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Integration exam question

  1. Aug 10, 2011 #1
    1. The problem statement, all variables and given/known data
    find the integral from 0 to 3 of (5x^2+30)/(x^4+13x^2+36)


    2. Relevant equations



    3. The attempt at a solution
    I thought it may be an integration by parts question, so I tried that first, but the book says that I should be using substitution.
    So I tried using u=x^2:
    du=2xdx
    x=u^(1/2)

    (5u+30)du/(u^2+13u+36)(2u^(1/2))
    so now I have
    (5u+30)du/(2u^(5/2)+26u^(3/2)+72u^(1/2))

    but i have no better idea how to integrate that than i did the original equation. any ideas?
     
  2. jcsd
  3. Aug 10, 2011 #2
    This problem would probably be best done by partial fraction decomposition first, then substitutions.
     
  4. Aug 10, 2011 #3

    Mark44

    Staff: Mentor

    I agree with Bohrok.
     
  5. Aug 10, 2011 #4
    do you mean using something like
    (Ax+B)/(x^2+4)+(Cx+D)/(x^2+9)=5x^2+30?
     
  6. Aug 10, 2011 #5

    Mark44

    Staff: Mentor

    Not quite.
    It would be

    (Ax+B)/(x^2+4) + (Cx+D)/(x^2+9) = (5x^2+30)/[(x^2+4)(x^2+9)]

    The goal is to solve for A, B, C, and D so that this equation is identically true.
     
  7. Aug 10, 2011 #6
    okay, so i solved and got
    A=0
    B=3
    C=0
    D=2

    so then i had
    3/(x^2+4)+2/(x^2+9)

    which i could integrate to get
    3ln(x^2+4)+2ln(x^2+9)

    and i could continue, but my possible answers all involve arctan so i think i'm on the wrong track here...?
     
  8. Aug 10, 2011 #7

    Mark44

    Staff: Mentor

    I didn't check your values for A, B, etc.

    Your integrals are incorrect. You should not be getting log expressions, but you should be getting arctan expressions.
     
  9. Aug 10, 2011 #8

    Mark44

    Staff: Mentor

    Also, check your work for the constants.
    3/(x^2 + 4) + 2/(x^2 + 9) = (5x^2 + 35)/[(x^2 + 4)(x^2 + 9)] [itex]\neq[/itex] (5x^2 + 30)/[(x^2 + 4)(x^2 + 9)]
     
  10. Aug 10, 2011 #9
    how do i get arctan expressions? because the derivative of tan is 1/(a^2+x^2), and i have 2 and 3 rather than 1 as my numerators?
     
  11. Aug 10, 2011 #10
    sorry..
    3/(x^2+9)+2/(x^2+4) ,right?
     
  12. Aug 10, 2011 #11

    Mark44

    Staff: Mentor

    No, d/dx(tan(x)) = sec2(x).

    d/dx(tan-1(x)) = 1/(x2 + 1) - that must be what you're thinking about.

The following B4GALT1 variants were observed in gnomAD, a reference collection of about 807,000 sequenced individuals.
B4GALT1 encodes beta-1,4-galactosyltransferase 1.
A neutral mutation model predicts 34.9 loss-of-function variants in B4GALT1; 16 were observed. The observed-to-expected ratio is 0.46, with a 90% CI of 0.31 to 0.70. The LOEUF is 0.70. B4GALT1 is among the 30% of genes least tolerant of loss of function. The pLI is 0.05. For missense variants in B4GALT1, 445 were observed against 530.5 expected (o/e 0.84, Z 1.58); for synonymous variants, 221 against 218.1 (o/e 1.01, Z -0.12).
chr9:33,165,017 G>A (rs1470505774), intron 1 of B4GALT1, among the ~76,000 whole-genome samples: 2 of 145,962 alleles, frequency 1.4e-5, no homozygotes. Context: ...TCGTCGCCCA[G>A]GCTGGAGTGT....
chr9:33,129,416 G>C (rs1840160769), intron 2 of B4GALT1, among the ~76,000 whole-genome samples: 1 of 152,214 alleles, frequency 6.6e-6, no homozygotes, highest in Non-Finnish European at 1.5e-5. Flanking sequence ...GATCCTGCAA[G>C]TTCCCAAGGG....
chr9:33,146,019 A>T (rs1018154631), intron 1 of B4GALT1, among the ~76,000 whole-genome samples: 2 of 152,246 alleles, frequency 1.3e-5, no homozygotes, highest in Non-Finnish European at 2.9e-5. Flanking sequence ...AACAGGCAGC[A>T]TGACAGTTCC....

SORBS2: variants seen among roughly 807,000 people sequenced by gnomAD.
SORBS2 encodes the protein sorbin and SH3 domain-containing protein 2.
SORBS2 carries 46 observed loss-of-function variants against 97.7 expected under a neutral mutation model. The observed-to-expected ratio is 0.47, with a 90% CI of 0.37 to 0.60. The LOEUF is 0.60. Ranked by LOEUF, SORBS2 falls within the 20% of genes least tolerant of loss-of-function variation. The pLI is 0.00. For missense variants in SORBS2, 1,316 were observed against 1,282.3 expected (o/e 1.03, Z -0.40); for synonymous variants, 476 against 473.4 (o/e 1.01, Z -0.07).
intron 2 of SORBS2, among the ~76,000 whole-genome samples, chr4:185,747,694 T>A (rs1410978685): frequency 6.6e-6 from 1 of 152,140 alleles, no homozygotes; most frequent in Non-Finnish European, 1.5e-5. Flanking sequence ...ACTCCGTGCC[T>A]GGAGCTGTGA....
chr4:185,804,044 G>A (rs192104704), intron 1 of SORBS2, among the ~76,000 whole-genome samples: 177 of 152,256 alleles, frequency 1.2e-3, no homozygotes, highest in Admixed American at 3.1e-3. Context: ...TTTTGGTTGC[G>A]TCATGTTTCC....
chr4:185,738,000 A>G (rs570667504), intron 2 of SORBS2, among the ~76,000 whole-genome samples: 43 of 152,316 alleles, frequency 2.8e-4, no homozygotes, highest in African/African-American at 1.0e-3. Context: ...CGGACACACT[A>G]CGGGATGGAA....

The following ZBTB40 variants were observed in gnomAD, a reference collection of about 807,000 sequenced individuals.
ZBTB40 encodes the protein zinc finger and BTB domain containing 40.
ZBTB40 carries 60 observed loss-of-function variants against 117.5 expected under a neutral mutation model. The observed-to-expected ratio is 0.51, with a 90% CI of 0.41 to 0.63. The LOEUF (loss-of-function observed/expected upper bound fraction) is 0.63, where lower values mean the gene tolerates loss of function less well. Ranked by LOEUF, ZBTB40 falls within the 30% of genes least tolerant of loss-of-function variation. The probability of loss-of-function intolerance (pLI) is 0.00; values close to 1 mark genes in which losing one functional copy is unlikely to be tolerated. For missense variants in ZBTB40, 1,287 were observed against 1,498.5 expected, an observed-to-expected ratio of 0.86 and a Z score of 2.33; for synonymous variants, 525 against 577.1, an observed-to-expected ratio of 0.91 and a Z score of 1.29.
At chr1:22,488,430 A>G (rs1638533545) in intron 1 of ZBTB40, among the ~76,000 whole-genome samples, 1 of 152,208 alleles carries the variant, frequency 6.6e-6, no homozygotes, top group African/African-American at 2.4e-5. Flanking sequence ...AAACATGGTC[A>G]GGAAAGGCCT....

Also, d/dx(tan-1(x/a)) = (1/a)/((x/a)2 + 1)
    This implies that ∫(1/a)/((x/a)2 + 1) dx = tan-1(x/a) + C
     
  13. Aug 10, 2011 #12
    i'm confused....
     
  14. Aug 10, 2011 #13
    If d/dx (x2) = 2x, then ∫2x dx = x2 + C by integrating both sides. Mark just did the same thing with tan-1(x/a) where a is a constant.
     
  15. Aug 10, 2011 #14
    okay i think that makes sense... but how can i use that to solve the problem?
     
  16. Aug 10, 2011 #15
    That'll come in later; first check over your work for the constants in the numerators of the partial fractions. The numbers are almost correct.
     
  17. Aug 10, 2011 #16
    i had
    (ax+b)(x^2+4)+(cx+d)(x^2+9)=(5x^2+30)
    ax^3+bx^2+4Ax+4B+Cx^3+9Cx+Dx^2+9D=5X62+30

    A+C=0 and 4A+9C=0 therefore A and C both equal 0
    B+D=5 and 4B+9D=30, so 5D=10 and D=2 so B=3
    and i have
    3/(x^2+9)+2(x^2+4)

    :( can't figure out what's wrong!
     
  18. Aug 10, 2011 #17

    vela

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    Earlier, you wrote
    which wasn't correct. Now, you have
    which is correct. You swapped the coefficients earlier.
     
  19. Aug 10, 2011 #18

    Mark44

    Staff: Mentor

    This is correct. You can easily check by verifying that 3/(x^2+9)+2/(x^2+4) = (5x^2 + 30)/[(x^2+9)(x^2+4)]
     
    Last edited: Aug 10, 2011
  20. Aug 10, 2011 #19
    okay, so from here i should integrate and end up with arctan functions... how do i do this?
     
  21. Aug 10, 2011 #20

    Mark44

    Staff: Mentor

    [tex]\int \frac{a~dx}{x^2 + a^2} = tan^{-1}(x/a) + C[/tex]

    This formula is essentially the same as the one I gave in an earlier post.

    A mistake you made earlier was thinking that the following was true:
    [tex]\int \frac{dx}{x^2 + a^2} = ln(x^2 + a^2) + C[/tex]

    More generally, this also is not true:
    [tex]\int \frac{dx}{f(x)} = ln(f(x)) + C[/tex]
     
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